Marketing assets

Good to know: Controlling container costs: LPG

In the Know is a monthly partnership between LPG and Propane Resources. This month, we focus on high steel prices and how propane retailers can adapt to better manage the cost of tanks, addressed by Marketing Manager Scott Slocum.


QUESTION: With high steel prices, how can propane distributors control the cost of containers?

ANSWER: Stratospheric steel costs have strained the budgets of propane suppliers.

Propane dealers can reassess and reallocate tank assets that are already in the field to avoid purchasing new tanks at relatively high prices. (Picture by LPG Personal)

The pandemic prompted many steel mills to cut production or shut down completely two years ago. Steel prices at the end of spring 2020 were around $440 per ton. By December of that year, steel prices had more than doubled to around $900 a ton. In March 2021, buyers were paying $1,270 for a ton of steel.

Manufacturers’ costs for ASME and DOT tanks reflected these price increases as they faced volatile steel prices, higher shipping costs, and cost-of-living increases. Compare the price of a 500 gallon aboveground tank in early 2020 ($1,292) to a recent quote for a unit of the same size: $2,701 is fairly typical for a new tank.

The good news is that the price of steel has stabilized and started to fall. It is reasonable to expect that tank prices could decline over the next year.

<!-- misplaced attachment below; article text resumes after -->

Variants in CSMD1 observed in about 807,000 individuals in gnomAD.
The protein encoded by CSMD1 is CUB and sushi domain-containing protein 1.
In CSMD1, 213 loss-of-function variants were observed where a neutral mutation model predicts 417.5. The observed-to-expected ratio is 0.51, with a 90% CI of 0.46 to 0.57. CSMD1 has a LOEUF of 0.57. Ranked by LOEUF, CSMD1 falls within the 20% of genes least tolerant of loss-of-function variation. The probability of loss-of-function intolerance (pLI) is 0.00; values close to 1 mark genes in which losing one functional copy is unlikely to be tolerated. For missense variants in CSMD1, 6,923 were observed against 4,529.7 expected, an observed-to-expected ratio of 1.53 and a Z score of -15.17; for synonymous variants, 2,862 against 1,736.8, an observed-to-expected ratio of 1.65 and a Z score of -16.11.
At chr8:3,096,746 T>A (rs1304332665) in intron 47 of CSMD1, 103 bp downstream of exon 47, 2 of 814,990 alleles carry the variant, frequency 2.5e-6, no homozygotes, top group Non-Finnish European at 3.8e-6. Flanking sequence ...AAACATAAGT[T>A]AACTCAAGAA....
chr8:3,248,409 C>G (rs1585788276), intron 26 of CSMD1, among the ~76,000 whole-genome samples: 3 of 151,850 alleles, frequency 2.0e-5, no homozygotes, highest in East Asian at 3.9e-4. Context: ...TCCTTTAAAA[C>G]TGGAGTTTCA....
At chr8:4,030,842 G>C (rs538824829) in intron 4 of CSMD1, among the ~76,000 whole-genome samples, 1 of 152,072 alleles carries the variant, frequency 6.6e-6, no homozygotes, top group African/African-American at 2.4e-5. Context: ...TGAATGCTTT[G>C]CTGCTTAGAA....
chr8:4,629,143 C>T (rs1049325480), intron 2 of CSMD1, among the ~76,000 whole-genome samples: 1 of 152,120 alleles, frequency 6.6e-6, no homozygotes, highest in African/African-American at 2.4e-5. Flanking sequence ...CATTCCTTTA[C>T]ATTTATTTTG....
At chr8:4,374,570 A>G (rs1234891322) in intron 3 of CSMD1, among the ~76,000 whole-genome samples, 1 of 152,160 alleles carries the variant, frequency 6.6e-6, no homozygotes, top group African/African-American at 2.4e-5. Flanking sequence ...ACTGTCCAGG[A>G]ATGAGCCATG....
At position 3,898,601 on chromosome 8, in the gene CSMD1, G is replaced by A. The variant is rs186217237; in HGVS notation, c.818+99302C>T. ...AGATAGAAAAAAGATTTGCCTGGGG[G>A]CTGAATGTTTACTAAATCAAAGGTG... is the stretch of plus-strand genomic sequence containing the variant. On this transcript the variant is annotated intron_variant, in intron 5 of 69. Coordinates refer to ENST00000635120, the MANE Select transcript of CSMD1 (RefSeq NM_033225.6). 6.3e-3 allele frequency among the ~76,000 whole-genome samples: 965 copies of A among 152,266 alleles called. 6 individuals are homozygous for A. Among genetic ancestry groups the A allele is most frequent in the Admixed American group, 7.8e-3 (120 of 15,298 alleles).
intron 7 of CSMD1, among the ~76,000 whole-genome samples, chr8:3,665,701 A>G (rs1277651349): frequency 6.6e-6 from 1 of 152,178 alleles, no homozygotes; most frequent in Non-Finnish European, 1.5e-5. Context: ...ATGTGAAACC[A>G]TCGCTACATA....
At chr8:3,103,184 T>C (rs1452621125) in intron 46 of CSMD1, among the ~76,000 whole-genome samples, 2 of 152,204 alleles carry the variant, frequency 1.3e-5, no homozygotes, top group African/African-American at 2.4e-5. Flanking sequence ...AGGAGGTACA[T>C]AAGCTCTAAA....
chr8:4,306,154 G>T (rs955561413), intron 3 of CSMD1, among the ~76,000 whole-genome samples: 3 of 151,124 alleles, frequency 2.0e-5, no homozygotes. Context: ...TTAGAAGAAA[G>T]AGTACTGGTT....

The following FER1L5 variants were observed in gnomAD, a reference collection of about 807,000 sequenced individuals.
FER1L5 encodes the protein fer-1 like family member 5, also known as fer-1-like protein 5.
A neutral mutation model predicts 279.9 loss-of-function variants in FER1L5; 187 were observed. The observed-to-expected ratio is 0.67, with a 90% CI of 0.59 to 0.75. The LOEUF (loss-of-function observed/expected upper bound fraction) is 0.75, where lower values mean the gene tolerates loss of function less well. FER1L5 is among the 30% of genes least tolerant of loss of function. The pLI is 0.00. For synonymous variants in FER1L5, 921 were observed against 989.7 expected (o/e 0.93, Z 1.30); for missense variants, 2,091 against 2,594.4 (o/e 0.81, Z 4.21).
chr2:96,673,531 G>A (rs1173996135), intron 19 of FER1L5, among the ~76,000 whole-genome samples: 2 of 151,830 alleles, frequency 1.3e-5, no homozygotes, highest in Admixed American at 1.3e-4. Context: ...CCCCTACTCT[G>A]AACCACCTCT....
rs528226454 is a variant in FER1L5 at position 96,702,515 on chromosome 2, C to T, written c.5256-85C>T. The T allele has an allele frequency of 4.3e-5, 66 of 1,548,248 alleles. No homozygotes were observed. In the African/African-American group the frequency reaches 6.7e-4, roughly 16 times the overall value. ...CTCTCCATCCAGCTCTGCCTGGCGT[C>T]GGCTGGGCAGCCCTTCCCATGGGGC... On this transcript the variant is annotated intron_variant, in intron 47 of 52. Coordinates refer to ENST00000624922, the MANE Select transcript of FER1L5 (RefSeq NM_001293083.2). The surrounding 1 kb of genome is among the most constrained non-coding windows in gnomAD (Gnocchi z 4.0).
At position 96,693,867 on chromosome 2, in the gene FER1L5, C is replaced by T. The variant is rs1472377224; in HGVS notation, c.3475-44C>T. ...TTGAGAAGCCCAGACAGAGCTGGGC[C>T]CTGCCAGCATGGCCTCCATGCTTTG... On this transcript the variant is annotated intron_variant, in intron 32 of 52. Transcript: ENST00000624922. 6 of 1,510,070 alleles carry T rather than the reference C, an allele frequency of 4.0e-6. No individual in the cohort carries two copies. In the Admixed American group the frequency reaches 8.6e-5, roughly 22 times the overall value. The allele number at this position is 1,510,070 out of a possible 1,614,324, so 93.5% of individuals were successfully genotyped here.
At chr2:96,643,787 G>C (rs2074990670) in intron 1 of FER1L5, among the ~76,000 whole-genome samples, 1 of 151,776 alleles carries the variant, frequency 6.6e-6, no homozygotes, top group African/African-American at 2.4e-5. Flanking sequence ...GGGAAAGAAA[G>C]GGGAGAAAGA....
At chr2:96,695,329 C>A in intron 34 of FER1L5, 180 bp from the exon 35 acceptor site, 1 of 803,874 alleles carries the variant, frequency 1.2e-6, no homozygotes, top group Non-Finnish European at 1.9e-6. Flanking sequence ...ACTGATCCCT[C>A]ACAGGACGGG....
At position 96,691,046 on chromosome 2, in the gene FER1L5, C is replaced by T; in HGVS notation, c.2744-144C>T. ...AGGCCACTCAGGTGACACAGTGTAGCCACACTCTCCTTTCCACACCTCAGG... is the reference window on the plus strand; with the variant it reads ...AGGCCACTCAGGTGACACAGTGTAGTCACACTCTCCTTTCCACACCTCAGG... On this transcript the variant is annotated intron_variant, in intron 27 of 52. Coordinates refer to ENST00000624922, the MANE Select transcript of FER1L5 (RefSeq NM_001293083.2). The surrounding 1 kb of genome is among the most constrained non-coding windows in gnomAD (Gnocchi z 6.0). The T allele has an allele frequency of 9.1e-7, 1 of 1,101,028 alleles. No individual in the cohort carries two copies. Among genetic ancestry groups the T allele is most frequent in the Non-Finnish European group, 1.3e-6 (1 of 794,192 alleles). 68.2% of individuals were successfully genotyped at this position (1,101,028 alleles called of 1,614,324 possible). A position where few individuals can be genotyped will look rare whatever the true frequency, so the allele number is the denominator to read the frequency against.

Potential propane customers realize, “Hey, winter is coming. We’re going to need propane. Recent summer tank sets may have depleted suppliers’ existing inventory, so can companies afford to continue installing tanks for new customers without digging deep for expensive new units?

Scott Slocum

Slocum

One of the best answers is: yes; most companies have idle or underutilized assets in backyards, parking lots, and perhaps even their own tank farms. The key is knowledge of asset inventory.

The first stop should be the tank farm. Some of these old tanks, in usable shape with legible nameplates, can be taken to trained renovators, sanded down to bare metal, repainted and updated with new valves and fittings. It’s a way for operators to avoid paying for expensive new propane vessels.

Assessing propane sales to tank rental customers may indicate that a tank is no longer in service, perhaps disconnected, sitting sadly in the weeds. Suppliers need to determine if this reservoir can be salvaged and reborn as a for-profit asset. The same is true for low-utilization sites that rely on much larger reservoirs than necessary. Larger capacity tanks can be replaced with smaller, more logical sizes. Larger ones can be reused for high-volume users, where possible, to reduce the number of annual charging trips.

Prudent propane suppliers can make do with their current assets until new steel tanks are needed.


Scott Slocum is Director of Marketing at Propane Resources. He can be reached at [email protected] or 913-262-3393.